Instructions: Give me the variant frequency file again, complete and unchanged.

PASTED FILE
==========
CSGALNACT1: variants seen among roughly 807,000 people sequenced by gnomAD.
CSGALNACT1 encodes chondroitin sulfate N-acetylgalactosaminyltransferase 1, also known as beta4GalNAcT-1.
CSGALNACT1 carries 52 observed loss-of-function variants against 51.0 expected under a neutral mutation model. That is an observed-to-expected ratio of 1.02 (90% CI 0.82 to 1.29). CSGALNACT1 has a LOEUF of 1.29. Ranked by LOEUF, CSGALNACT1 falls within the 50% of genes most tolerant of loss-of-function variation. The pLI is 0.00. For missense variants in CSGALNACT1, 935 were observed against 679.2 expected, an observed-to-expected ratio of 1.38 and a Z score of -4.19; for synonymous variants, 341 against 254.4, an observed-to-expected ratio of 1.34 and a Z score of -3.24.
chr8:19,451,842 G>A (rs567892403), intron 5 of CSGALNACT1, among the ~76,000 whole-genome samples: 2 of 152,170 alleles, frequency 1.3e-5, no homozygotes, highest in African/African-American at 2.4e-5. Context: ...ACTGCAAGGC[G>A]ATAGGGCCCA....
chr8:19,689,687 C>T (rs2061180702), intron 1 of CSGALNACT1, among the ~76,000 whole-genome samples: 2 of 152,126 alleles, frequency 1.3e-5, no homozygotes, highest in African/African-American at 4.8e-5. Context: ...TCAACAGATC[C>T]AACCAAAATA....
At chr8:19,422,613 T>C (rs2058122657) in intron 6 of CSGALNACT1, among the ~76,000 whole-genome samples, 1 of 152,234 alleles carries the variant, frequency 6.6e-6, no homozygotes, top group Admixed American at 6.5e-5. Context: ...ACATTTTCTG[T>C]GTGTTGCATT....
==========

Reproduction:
CSGALNACT1: variants seen among roughly 807,000 people sequenced by gnomAD.
CSGALNACT1 encodes chondroitin sulfate N-acetylgalactosaminyltransferase 1, also known as beta4GalNAcT-1.
CSGALNACT1 carries 52 observed loss-of-function variants against 51.0 expected under a neutral mutation model. That is an observed-to-expected ratio of 1.02 (90% CI 0.82 to 1.29). CSGALNACT1 has a LOEUF of 1.29. Ranked by LOEUF, CSGALNACT1 falls within the 50% of genes most tolerant of loss-of-function variation. The pLI is 0.00. For missense variants in CSGALNACT1, 935 were observed against 679.2 expected, an observed-to-expected ratio of 1.38 and a Z score of -4.19; for synonymous variants, 341 against 254.4, an observed-to-expected ratio of 1.34 and a Z score of -3.24.
chr8:19,451,842 G>A (rs567892403), intron 5 of CSGALNACT1, among the ~76,000 whole-genome samples: 2 of 152,170 alleles, frequency 1.3e-5, no homozygotes, highest in African/African-American at 2.4e-5. Context: ...ACTGCAAGGC[G>A]ATAGGGCCCA....
chr8:19,689,687 C>T (rs2061180702), intron 1 of CSGALNACT1, among the ~76,000 whole-genome samples: 2 of 152,126 alleles, frequency 1.3e-5, no homozygotes, highest in African/African-American at 4.8e-5. Context: ...TCAACAGATC[C>T]AACCAAAATA....
At chr8:19,422,613 T>C (rs2058122657) in intron 6 of CSGALNACT1, among the ~76,000 whole-genome samples, 1 of 152,234 alleles carries the variant, frequency 6.6e-6, no homozygotes, top group Admixed American at 6.5e-5. Context: ...ACATTTTCTG[T>C]GTGTTGCATT....